The past two months have been eventful ones for Taiwan in ways that are still unfolding, with developments shifting the international community’s perception of Taiwan and its place in the world, and also its view of the leadership of Chinese President Xi Jinping (習近平) and the Chinese Communist Party (CCP).
Some developments were born of a clear shift in Taiwan-US-China dynamics and others exacerbated by an outbreak of COVID-19 in China. All are the result of the CCP’s domineering approach to governance and international relations.
One example is the official US attitude toward Taiwan, as seen through the words and actions of US Secretary of State Mike Pompeo. He congratulated President Tsai Ing-wen (蔡英文) after her resounding victory in last month’s presidential election, diverging from the congratulatory messages of previous US administrations by congratulating Taiwan — not just the “Taiwanese people”— by name, with wording suggesting that Taiwan is a nation. He also explicitly recognized Tsai’s efforts at resisting “unrelenting” pressure from Beijing, rather than suggesting that Taiwan is in some way an obstruction to the resolution of cross-strait tensions.
On Saturday, Pompeo addressed increasing awareness within the US government of Beijing’s “united front” efforts during an event at the National Governors Association in Washington. He stressed the importance of avoiding individual deals and agreements with China that undermine US national policy. Pompeo explicitly urged the governors to be vigilant against China’s efforts to shun Taiwan, warning that Beijing is increasingly shifting its diplomatic battle to the local level, and that its approach shows “depth, systemization and intent.”
Another sign of Washington’s shift in its willingness to stand up to Beijing concerning relations with Taiwan was the presence of vice president-elect William Lai (賴清德) at last week’s National Prayer Breakfast in Washington, an event attended by US President Donald Trump. This came at the end of a visit to the US capital, which saw Lai become the highest-ranking official to visit since 1979.
This more explicit recognition by Washington of its ties to Taiwan has seemingly emboldened Taipei to offer a robust response to Beijing’s shenanigans, something that it had been reluctant to do until relatively recently.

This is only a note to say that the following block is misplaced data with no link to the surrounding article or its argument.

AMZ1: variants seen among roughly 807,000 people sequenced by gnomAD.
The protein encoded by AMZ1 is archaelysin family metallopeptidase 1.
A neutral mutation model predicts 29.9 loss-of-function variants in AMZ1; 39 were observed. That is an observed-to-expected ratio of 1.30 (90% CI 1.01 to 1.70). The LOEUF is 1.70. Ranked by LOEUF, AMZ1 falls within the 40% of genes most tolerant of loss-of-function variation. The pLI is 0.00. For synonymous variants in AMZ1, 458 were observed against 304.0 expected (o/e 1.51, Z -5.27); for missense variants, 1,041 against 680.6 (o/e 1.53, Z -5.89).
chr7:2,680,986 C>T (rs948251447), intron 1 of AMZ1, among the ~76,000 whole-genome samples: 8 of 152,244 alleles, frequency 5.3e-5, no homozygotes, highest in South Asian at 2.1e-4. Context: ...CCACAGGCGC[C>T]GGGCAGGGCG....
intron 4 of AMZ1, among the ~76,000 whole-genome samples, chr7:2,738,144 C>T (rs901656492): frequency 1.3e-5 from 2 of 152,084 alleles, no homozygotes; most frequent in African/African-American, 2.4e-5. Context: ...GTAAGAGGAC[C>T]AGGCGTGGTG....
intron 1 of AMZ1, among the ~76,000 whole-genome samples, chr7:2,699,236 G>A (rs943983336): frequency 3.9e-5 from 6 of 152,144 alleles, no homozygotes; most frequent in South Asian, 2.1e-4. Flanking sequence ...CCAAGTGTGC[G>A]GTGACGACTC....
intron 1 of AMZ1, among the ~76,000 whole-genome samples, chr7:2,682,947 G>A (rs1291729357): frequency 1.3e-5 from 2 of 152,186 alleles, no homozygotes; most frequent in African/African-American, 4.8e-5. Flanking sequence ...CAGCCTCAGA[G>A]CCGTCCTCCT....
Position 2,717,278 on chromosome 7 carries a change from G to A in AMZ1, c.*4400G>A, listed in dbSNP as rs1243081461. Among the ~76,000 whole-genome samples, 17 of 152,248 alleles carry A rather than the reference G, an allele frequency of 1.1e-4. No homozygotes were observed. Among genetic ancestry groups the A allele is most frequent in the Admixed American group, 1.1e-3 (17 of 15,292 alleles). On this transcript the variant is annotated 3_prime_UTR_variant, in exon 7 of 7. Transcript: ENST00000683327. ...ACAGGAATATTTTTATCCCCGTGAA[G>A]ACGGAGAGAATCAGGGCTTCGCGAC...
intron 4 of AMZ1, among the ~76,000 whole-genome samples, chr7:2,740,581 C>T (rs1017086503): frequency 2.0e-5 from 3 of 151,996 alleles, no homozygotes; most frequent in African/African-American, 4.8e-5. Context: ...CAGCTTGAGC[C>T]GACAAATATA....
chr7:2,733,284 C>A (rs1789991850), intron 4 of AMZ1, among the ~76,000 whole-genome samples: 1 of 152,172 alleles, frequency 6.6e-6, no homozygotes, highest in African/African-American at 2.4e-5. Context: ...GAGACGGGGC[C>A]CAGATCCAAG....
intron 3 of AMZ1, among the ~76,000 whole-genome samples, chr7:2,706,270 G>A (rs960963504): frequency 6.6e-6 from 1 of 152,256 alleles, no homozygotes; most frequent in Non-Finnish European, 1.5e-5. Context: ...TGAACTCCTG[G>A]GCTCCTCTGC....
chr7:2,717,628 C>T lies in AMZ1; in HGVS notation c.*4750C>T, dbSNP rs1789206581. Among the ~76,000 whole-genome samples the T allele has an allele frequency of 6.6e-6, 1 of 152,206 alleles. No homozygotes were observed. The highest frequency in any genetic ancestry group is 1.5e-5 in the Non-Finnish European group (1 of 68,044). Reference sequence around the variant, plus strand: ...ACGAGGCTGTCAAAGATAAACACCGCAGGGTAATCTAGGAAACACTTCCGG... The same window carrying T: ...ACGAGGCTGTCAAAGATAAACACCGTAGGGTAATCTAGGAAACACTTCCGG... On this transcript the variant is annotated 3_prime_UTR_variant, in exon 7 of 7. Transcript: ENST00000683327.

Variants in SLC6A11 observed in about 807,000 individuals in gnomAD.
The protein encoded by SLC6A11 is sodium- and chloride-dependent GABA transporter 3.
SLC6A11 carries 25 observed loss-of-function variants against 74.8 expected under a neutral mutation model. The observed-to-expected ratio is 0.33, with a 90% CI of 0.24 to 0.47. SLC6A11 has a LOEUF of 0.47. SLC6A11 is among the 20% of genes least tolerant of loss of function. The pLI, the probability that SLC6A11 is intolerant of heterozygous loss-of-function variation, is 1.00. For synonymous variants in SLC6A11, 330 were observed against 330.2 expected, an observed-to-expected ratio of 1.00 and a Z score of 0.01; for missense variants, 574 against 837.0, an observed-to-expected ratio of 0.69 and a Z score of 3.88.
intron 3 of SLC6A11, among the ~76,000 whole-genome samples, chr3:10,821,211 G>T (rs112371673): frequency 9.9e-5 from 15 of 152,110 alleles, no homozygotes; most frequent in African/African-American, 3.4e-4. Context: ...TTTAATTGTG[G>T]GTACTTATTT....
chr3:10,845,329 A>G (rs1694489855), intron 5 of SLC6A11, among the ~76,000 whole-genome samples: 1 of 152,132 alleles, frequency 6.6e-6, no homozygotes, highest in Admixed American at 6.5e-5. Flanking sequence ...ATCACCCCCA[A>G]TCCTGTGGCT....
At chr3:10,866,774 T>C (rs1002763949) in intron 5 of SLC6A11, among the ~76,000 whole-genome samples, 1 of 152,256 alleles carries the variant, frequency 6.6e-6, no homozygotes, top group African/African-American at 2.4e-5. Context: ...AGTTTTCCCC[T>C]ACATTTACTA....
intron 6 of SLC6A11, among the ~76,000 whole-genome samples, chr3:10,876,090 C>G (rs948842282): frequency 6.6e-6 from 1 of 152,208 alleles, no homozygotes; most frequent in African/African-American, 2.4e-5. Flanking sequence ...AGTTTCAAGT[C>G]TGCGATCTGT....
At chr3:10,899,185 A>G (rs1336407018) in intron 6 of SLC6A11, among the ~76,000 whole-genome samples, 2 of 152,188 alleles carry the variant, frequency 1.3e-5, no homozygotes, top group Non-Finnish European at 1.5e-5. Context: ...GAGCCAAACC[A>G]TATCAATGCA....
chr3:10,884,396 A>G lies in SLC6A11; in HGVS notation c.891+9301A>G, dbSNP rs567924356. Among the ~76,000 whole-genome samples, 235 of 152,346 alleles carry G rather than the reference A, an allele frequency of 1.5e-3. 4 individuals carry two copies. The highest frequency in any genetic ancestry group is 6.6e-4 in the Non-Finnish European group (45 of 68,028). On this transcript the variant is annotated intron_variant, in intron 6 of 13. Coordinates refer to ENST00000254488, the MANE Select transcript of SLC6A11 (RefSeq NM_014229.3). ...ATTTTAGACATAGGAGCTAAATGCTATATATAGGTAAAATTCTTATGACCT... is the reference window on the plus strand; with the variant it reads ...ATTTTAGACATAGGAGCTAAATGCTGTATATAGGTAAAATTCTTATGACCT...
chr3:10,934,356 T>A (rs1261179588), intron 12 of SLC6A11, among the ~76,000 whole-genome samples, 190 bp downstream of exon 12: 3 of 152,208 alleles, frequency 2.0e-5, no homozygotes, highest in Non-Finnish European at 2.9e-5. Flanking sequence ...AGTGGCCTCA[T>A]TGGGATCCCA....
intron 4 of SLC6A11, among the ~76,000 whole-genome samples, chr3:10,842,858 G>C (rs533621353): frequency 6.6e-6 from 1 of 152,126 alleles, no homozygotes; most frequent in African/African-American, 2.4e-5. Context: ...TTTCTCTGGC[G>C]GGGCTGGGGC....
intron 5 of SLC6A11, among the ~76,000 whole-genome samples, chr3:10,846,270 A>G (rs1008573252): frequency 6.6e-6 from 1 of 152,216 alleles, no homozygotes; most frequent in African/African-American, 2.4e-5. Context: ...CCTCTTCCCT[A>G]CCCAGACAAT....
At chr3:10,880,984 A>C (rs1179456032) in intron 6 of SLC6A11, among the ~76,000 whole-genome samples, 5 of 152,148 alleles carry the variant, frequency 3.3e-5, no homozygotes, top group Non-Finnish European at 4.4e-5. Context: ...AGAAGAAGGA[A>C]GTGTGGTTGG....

In addition to Tsai’s own comments about the strength of her election mandate, Minister of Foreign Affairs Joseph Wu (吳釗燮) took a markedly confrontational tone on Twitter over the WHO’s praise of China’s response to the COVID-19 outbreak, saying: “@WHO, what’s wrong with you?” and, hours later: “Are you going to stand by your statements or retract them? Hello?”
It is China’s handling of the outbreak and its refusal to allow Taiwan to participate in the WHO’s response that have focused international attention on Taiwan’s existence and sovereign status, as well as the unreasonable treatment it receives from the CCP.
Perhaps a more serious threat for the CCP are questions within China concerning its governance style, and therefore its very legitimacy.
There are already tensions concerning Xi’s handling of the outbreak. This all seemed to come to a head on Friday last week with the death of Li Wenliang (李文亮), a 34-year-old doctor who had originally raised concerns about the new virus, only to be suppressed by the authorities. This was met with a domestic outcry that suggests a new level of frustration among Chinese.
Of all the things that the CCP fears most, beyond trade disputes and challenges to its attempts to rise to the level of local — and perhaps eventually global — domination, is the bedrock of its legitimacy at home. Without that, its very survival is in jeopardy and Taiwan’s is thereby given more assurance.
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